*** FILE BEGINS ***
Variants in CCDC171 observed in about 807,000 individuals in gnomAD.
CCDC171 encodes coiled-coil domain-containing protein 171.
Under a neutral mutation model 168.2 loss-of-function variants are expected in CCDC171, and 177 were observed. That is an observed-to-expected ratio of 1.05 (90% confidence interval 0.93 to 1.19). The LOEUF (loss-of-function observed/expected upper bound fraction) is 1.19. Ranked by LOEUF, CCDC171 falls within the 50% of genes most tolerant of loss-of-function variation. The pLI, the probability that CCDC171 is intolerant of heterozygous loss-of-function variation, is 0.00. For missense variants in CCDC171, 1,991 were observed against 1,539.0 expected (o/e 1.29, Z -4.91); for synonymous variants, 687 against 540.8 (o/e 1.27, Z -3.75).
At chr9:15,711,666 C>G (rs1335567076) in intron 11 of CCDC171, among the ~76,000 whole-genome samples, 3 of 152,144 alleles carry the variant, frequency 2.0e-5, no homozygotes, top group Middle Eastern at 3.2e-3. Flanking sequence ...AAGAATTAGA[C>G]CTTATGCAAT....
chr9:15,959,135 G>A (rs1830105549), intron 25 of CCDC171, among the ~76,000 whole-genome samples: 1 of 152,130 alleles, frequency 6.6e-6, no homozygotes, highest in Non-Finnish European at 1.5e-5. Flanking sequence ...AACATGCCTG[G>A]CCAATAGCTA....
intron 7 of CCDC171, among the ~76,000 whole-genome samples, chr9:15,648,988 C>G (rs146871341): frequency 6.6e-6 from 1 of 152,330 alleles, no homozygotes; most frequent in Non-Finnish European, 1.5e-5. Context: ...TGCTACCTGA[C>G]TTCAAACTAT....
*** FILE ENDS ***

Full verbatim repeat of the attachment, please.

Variants in CCDC171 observed in about 807,000 individuals in gnomAD.
CCDC171 encodes coiled-coil domain-containing protein 171.
Under a neutral mutation model 168.2 loss-of-function variants are expected in CCDC171, and 177 were observed. That is an observed-to-expected ratio of 1.05 (90% confidence interval 0.93 to 1.19). The LOEUF (loss-of-function observed/expected upper bound fraction) is 1.19. Ranked by LOEUF, CCDC171 falls within the 50% of genes most tolerant of loss-of-function variation. The pLI, the probability that CCDC171 is intolerant of heterozygous loss-of-function variation, is 0.00. For missense variants in CCDC171, 1,991 were observed against 1,539.0 expected (o/e 1.29, Z -4.91); for synonymous variants, 687 against 540.8 (o/e 1.27, Z -3.75).
At chr9:15,711,666 C>G (rs1335567076) in intron 11 of CCDC171, among the ~76,000 whole-genome samples, 3 of 152,144 alleles carry the variant, frequency 2.0e-5, no homozygotes, top group Middle Eastern at 3.2e-3. Flanking sequence ...AAGAATTAGA[C>G]CTTATGCAAT....
chr9:15,959,135 G>A (rs1830105549), intron 25 of CCDC171, among the ~76,000 whole-genome samples: 1 of 152,130 alleles, frequency 6.6e-6, no homozygotes, highest in Non-Finnish European at 1.5e-5. Flanking sequence ...AACATGCCTG[G>A]CCAATAGCTA....
intron 7 of CCDC171, among the ~76,000 whole-genome samples, chr9:15,648,988 C>G (rs146871341): frequency 6.6e-6 from 1 of 152,330 alleles, no homozygotes; most frequent in Non-Finnish European, 1.5e-5. Context: ...TGCTACCTGA[C>G]TTCAAACTAT....